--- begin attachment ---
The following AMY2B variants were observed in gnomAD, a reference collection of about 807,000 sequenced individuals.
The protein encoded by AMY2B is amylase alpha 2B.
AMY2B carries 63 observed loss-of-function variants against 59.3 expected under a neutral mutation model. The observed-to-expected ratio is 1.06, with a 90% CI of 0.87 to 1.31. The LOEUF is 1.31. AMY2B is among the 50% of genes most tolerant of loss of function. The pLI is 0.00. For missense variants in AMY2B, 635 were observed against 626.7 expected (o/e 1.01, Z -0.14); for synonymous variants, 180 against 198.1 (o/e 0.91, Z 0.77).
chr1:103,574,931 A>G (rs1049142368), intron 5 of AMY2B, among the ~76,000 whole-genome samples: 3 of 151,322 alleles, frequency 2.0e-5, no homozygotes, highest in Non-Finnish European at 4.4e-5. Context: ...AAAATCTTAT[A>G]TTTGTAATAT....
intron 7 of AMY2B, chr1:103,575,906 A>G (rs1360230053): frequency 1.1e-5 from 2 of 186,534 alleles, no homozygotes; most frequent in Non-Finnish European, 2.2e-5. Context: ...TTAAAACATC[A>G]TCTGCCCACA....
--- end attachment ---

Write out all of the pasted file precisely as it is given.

The following AMY2B variants were observed in gnomAD, a reference collection of about 807,000 sequenced individuals.
The protein encoded by AMY2B is amylase alpha 2B.
AMY2B carries 63 observed loss-of-function variants against 59.3 expected under a neutral mutation model. The observed-to-expected ratio is 1.06, with a 90% CI of 0.87 to 1.31. The LOEUF is 1.31. AMY2B is among the 50% of genes most tolerant of loss of function. The pLI is 0.00. For missense variants in AMY2B, 635 were observed against 626.7 expected (o/e 1.01, Z -0.14); for synonymous variants, 180 against 198.1 (o/e 0.91, Z 0.77).
chr1:103,574,931 A>G (rs1049142368), intron 5 of AMY2B, among the ~76,000 whole-genome samples: 3 of 151,322 alleles, frequency 2.0e-5, no homozygotes, highest in Non-Finnish European at 4.4e-5. Context: ...AAAATCTTAT[A>G]TTTGTAATAT....
intron 7 of AMY2B, chr1:103,575,906 A>G (rs1360230053): frequency 1.1e-5 from 2 of 186,534 alleles, no homozygotes; most frequent in Non-Finnish European, 2.2e-5. Context: ...TTAAAACATC[A>G]TCTGCCCACA....